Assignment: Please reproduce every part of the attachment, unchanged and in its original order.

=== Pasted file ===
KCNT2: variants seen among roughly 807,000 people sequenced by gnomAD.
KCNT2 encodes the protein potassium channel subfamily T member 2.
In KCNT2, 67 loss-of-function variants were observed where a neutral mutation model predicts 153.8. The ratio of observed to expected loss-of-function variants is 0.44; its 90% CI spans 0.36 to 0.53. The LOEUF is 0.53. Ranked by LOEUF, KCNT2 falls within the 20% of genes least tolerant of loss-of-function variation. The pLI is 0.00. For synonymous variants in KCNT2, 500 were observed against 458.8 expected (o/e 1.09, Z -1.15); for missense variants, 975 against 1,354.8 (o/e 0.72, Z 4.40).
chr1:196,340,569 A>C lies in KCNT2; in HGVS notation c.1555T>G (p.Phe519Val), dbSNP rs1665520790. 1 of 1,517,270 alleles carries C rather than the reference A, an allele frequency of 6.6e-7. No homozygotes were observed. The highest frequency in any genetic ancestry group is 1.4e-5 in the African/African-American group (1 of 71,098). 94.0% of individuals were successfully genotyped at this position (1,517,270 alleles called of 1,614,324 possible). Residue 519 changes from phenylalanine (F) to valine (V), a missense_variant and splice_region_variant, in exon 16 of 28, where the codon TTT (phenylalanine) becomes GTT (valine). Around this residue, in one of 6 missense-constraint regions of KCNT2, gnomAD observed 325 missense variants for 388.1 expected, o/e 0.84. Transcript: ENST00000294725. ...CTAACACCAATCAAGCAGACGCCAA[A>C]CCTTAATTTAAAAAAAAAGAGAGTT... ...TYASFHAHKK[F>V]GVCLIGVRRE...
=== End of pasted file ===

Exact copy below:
KCNT2: variants seen among roughly 807,000 people sequenced by gnomAD.
KCNT2 encodes the protein potassium channel subfamily T member 2.
In KCNT2, 67 loss-of-function variants were observed where a neutral mutation model predicts 153.8. The ratio of observed to expected loss-of-function variants is 0.44; its 90% CI spans 0.36 to 0.53. The LOEUF is 0.53. Ranked by LOEUF, KCNT2 falls within the 20% of genes least tolerant of loss-of-function variation. The pLI is 0.00. For synonymous variants in KCNT2, 500 were observed against 458.8 expected (o/e 1.09, Z -1.15); for missense variants, 975 against 1,354.8 (o/e 0.72, Z 4.40).
chr1:196,340,569 A>C lies in KCNT2; in HGVS notation c.1555T>G (p.Phe519Val), dbSNP rs1665520790. 1 of 1,517,270 alleles carries C rather than the reference A, an allele frequency of 6.6e-7. No homozygotes were observed. The highest frequency in any genetic ancestry group is 1.4e-5 in the African/African-American group (1 of 71,098). 94.0% of individuals were successfully genotyped at this position (1,517,270 alleles called of 1,614,324 possible). Residue 519 changes from phenylalanine (F) to valine (V), a missense_variant and splice_region_variant, in exon 16 of 28, where the codon TTT (phenylalanine) becomes GTT (valine). Around this residue, in one of 6 missense-constraint regions of KCNT2, gnomAD observed 325 missense variants for 388.1 expected, o/e 0.84. Transcript: ENST00000294725. ...CTAACACCAATCAAGCAGACGCCAA[A>C]CCTTAATTTAAAAAAAAAGAGAGTT... ...TYASFHAHKK[F>V]GVCLIGVRRE...